Which country benefits most from economic growth? UK ranks below Ukraine and Russia

Sarah Spickernell
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Economic growth doesn't always bring happy days (Source: Getty)

Economic growth is generally considered a positive thing for the people living in that country - it brings jobs, opportunities and usually a higher standard of living.

But how much that growth translates into what we can actually experience as improved level of well-being varies from country to country, and it turns out the UK is pretty bad at it.

The Boston Consulting Group has just released its assessment on sustainable economic development, which gives each country in Europe a figure (it calls it a "growth-to-wellbeing coefficient") based on how much residents feel the benefits of an expanding economy.
The better it is at converting growth into wellbeing, the higher the number.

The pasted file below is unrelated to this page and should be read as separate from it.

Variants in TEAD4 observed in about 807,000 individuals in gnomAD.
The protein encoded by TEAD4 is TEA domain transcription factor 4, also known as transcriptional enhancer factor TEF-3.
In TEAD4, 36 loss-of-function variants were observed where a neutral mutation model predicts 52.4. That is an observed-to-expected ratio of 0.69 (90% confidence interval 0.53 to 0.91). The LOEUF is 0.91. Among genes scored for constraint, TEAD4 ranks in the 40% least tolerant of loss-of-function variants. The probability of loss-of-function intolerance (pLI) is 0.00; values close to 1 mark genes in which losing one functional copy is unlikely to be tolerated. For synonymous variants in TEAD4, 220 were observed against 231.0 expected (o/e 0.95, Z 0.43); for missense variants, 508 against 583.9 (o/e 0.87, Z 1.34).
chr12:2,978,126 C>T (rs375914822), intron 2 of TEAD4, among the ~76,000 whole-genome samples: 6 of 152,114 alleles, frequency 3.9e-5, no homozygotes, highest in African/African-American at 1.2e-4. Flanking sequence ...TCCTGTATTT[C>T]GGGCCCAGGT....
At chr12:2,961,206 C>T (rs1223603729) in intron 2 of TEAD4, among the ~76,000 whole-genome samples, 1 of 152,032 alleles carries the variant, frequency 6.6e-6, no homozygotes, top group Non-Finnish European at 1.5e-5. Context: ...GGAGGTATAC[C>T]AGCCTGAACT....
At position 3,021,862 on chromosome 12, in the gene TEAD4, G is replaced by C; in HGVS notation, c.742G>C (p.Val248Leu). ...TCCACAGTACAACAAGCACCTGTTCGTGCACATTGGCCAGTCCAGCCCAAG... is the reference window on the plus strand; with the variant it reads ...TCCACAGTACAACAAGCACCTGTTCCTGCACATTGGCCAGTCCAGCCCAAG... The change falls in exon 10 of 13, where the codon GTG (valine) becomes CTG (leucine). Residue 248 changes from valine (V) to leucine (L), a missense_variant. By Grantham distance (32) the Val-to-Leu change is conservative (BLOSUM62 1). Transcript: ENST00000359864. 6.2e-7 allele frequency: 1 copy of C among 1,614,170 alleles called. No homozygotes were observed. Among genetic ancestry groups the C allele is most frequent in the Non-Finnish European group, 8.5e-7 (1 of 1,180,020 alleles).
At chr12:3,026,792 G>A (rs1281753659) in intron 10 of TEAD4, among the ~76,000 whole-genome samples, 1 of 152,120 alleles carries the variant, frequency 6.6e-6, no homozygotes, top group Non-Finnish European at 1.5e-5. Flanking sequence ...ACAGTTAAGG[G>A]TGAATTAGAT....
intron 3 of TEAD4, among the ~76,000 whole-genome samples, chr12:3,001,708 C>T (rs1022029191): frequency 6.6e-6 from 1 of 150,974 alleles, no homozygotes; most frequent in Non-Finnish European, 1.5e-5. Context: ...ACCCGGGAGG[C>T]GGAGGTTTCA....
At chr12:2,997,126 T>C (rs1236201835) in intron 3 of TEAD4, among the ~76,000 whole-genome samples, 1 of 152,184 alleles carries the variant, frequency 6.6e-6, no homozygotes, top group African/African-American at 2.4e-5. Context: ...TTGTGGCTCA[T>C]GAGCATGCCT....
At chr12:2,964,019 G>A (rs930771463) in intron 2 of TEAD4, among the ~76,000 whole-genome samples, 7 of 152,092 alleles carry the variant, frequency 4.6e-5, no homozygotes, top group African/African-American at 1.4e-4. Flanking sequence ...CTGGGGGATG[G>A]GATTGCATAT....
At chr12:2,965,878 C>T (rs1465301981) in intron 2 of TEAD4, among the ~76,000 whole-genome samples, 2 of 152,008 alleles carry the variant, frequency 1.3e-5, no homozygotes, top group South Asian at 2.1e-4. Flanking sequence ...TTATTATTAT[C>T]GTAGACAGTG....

At the very top of the list is Poland with a coefficient of 1.55, with many of the other Eastern European countries dominating the top of the list, such as Croatia, Bosnia, Albania and Ukraine. Germany comes in fifth place with a coefficient of 1.34.
Greece and Cyprus, which have had strict austerity measures imposed on them, come at the very bottom with coefficients of 0.7 and 073, respectively. Surprisingly, many of the Scandinavian countries also come low down, such as Sweden and Denmark.
The UK also falls solidly below the European average of 1.07 with a score of 0.99, which means Britons may not be feeling as much benefit as some from expansion.
Last year, IMF figures showed that the UK had the fastest growing advanced economy in the world, ahead of both the US and Germany.

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